David Burroughs knew what he wanted the minute he laid eyes on it. “My neighbor Donnie Buckler brought home a sweet ’69 Camaro Z/28 with a 302 in it, and from that moment on, that was the car of my dreams,” states David. Well, we can’t say we blame him one bit, as that particular Chevy has turned many a young hot rodder into a true Camaro devotee for the last 50 years.
Over his formative years, David started on his way to becoming a true Camaro devotee. After going to a number of Super Chevy shows, the local tracks, and even the events at the convention center in Washington, D.C., he drew up a mental plan of what he would want in his own Chevy pony ride. So, naturally, when David finally got the chance to score a Camaro of his own, these ideas would meld into his ultimate dream ride.
He loved seeing a big blower through the hood, and he knew that was a “must” on any Camaro he would call his own. Fat tires looked mean, and showed that you had the power to torque and twist them to launch off the starting line. And last but not least, to burn up those fatties out back, he needed big-block power under the hood for his Camaro. And as far as David was concerned, there would be no exceptions.
About 10 years ago, after looking for a suitable starting point for his dream Camaro for some time, David’s brother Dennis spotted an interesting ’69 at Winegardner Chevrolet, a few miles from their home in Fort Washington, Maryland. A new car dealership is usually not the first place you look for a project car for your next build, but the nicely appointed car was brought in on a trade for a new Chevy and was priced right. David knew the minute he laid eyes on it that he could massage this ride into a car he could call his own; and possibly even a show winner. He quickly struck a deal with the sales team; there was no turning back.
The Camaro was in excellent shape, with a fresh paintjob and some substantial rubber out back. It was back-halved by the previous owner and had a ladder bar suspension installed already. So he got on it immediately, cleaning up some aesthetic flaws on the Chevy and putting his touch on some of the pertinent parts. He added a tunnel-ram to the car’s big-block setup, some tubular A-arms up front, and installed some sweet Mickey Thompson meats out back. It was a nice start but David was just trying to avoid the inevitable. What he really wanted was a “Big-Block, Chromed-out, Giant-Sized Blower Motor” sticking out of the hood. It was something he had always dreamed of, and deep down he knew he wouldn’t be happy until he had one for his very own Camaro.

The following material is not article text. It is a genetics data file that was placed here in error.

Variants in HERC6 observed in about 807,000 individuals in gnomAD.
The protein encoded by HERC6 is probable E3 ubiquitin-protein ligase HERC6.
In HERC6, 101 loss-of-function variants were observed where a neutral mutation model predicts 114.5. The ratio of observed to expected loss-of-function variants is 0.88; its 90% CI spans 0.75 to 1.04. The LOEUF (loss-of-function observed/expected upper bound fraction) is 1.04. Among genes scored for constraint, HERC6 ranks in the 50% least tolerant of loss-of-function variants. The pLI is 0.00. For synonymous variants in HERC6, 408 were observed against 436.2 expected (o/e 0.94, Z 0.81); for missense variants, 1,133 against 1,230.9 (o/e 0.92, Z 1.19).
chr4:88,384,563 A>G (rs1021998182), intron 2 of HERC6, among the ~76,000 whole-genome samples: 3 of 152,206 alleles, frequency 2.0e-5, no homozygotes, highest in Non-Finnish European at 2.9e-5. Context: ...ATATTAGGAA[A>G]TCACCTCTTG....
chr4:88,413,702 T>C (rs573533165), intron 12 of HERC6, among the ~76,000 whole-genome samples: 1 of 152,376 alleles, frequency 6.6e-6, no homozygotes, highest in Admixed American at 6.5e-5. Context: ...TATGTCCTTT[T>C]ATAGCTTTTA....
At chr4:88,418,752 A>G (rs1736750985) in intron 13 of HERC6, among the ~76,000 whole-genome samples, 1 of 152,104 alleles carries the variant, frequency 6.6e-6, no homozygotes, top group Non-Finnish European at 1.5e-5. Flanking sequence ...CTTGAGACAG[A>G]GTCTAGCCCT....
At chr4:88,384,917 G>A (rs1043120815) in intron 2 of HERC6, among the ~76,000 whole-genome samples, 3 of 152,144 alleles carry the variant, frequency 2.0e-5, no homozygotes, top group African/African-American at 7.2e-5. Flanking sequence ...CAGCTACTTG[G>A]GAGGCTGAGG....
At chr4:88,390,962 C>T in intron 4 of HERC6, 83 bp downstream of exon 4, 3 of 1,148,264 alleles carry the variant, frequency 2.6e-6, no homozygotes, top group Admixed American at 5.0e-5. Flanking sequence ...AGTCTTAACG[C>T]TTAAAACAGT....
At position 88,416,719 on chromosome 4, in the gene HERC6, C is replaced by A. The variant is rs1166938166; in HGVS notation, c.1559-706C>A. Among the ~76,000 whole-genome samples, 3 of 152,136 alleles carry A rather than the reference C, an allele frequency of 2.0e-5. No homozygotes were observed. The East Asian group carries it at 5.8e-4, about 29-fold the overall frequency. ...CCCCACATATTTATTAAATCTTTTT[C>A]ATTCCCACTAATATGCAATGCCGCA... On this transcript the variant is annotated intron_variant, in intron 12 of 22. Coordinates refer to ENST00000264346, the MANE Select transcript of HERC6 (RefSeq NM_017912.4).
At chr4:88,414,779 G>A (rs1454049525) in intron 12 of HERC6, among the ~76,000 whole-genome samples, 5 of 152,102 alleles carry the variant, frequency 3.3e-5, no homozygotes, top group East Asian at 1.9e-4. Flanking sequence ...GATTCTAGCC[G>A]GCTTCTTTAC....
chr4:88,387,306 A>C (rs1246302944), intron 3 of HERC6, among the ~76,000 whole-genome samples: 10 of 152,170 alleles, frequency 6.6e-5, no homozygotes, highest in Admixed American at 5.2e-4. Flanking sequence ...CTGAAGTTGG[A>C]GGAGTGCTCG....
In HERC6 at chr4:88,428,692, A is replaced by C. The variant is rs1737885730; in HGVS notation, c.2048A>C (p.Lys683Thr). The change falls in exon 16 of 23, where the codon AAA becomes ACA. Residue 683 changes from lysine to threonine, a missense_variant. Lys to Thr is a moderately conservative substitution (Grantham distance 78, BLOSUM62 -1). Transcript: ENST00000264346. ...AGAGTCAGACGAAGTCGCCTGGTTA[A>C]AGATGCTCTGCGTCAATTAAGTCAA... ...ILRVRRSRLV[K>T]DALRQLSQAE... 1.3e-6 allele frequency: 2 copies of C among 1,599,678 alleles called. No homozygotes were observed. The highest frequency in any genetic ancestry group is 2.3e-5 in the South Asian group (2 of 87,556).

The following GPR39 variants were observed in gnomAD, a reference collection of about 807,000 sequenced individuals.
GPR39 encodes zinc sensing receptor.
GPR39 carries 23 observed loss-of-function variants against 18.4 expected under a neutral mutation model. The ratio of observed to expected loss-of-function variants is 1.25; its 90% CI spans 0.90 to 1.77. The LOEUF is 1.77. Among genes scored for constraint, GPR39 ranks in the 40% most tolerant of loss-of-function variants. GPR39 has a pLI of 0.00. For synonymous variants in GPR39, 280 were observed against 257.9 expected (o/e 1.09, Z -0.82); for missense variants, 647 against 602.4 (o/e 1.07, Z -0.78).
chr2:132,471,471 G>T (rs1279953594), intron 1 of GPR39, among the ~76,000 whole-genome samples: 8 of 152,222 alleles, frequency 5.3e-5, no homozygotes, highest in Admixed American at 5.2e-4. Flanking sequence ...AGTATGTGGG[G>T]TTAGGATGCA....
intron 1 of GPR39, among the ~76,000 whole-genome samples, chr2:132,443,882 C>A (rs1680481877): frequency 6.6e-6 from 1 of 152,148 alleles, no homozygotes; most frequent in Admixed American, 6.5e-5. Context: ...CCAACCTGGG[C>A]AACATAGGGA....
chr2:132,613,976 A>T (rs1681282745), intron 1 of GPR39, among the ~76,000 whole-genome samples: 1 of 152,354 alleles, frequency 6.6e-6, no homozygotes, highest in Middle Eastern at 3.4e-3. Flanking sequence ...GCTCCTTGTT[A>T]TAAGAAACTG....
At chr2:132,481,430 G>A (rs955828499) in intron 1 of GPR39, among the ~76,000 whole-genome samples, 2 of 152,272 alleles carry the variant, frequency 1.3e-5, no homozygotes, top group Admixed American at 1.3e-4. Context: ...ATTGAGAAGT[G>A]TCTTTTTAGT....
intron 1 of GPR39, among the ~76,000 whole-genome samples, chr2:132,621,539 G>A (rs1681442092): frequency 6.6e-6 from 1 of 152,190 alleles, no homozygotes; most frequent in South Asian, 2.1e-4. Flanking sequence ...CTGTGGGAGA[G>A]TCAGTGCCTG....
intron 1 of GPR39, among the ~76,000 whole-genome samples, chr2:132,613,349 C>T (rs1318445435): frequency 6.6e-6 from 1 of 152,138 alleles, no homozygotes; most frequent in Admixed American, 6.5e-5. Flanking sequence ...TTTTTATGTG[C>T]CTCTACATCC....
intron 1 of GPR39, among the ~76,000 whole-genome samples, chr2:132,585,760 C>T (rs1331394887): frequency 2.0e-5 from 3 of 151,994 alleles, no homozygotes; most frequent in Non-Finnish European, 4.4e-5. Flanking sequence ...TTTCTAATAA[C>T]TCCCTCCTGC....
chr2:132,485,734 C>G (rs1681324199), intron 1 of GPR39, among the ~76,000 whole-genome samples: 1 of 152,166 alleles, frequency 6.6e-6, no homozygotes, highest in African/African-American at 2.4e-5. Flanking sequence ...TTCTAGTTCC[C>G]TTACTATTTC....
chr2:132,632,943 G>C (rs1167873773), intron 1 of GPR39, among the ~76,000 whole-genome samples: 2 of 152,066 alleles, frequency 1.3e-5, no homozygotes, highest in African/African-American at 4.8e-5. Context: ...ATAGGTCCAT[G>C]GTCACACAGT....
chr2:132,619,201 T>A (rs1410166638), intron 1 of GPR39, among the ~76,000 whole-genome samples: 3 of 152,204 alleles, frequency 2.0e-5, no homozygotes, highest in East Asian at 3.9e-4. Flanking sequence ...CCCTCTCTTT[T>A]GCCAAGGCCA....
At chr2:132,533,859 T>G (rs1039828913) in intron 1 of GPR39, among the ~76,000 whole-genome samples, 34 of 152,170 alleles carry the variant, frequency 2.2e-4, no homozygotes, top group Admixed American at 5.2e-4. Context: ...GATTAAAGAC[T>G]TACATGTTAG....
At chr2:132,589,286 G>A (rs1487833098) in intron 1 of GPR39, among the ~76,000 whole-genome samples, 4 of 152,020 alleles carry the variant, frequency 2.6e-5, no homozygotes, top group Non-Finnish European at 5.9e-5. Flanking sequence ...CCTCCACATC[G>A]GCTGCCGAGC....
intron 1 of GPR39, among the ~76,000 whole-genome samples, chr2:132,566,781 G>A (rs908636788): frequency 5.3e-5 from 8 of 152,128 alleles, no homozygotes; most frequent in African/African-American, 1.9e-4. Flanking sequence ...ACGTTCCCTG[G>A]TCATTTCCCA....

So David did the right thing and sat down with his wife to explain why he needed a 468-cubic-inch engine sticking out of the hood of his car. For some this would not go so well, but luckily David’s wife, JoAnn, is a saint, and agreed that this potent Chevy powerplant would make them both very happy. What a wife! Now armed with her blessing, David quickly made a phone call to Big Al’s Toy Box up in Connecticut and ordered the engine that would put this Camaro over the top … and then some.
The engine started out as a 454, which was then punched out to 468. The four-bolt main block is loaded with an Eagle 4340 steel crank, Eagle H-beam rods, and Probe 8.5:1 forged pistons. A Comp Cam 651/651 roller cam and double roller timing chain get the valves jumping in tune. The cylinders are topped with Chevrolet Performance 115cc rectangular port aluminum heads built up with Manley 2.25/1.88 stainless steel valves, Comp Cams Pro Magnum stainless roller rockers, chrome-moly retainers and locks, and a set of Comp Cams hardened pushrods. ARP screw-in studs and head bolts hold it all together.
A Mallory ignition gets the spark out on this beast. A polished aluminum timing cover and chrome oil pan add a little bling to the build. But the biggest chunk of eye candy here is the polished 8-71 billet supercharger sitting up top, complete with a Funny Car-style 3-inch billet drivebelt guard. Feeding this machine is a pair of 750-cfm Quick Fuel blow-through carburetors. It dyno’d at a healthy 800+ horsepower, and that was before the 200hp shot of nitrous was added. Engine tuning and nitrous work was done by Jim Lumpower. All this muscle car goodness is fed through a rebuilt Turbo 400 to do the shifting.
The ample power is then fed to a hefty Ford 9-inch rear out back, stuffed with 4.30 gears and spinning Moroso axles. They put the power to a pair of super-wide Cragar SS 15x15 wheels (custom built by Cragar through Jegs) shod in 31x18 Mickey Thompson meats to grip the track when they are called on. The car rides on Wilwood disc brakes and QA1 coilover shocks all the way around. Francis Johnson built the Camaro a custom 3-inch stainless exhaust system with Flowmaster 44 Series mufflers. The added wheelie bars are a must when taking this thing out for a quarter-mile spin.
When it came to the interior, David had some interesting ideas, and he smartly followed his first instinct. The upholstery was stitched with top-of-the-line rawhide leather, with beautiful boa skin accents and inlays throughout. Even the rollcage is wrapped in leather, to keep it all consistent. Out back, the trunk was done to match. All work was done by Ace Upholstery in Mechanicsville, Maryland. The leather hues work well with the deep Atlas Red paint scheme, which was laid down by the previous owner.
Today, David can sit back and just take it all in, knowing he built the car of his dreams. Special thanks go out to many people, including his son Joe who helped out on the build. More thanks go out to Rick Gentry, who started the East Coast Pro Street Car Club, an organization that promotes the Pro Street lifestyle through cruise-ins, car shows, and meets. Through this fine association, David shows his radical Camaro with like-minded individuals who share his taste for the extreme.
Photos by Scotty Lachenauer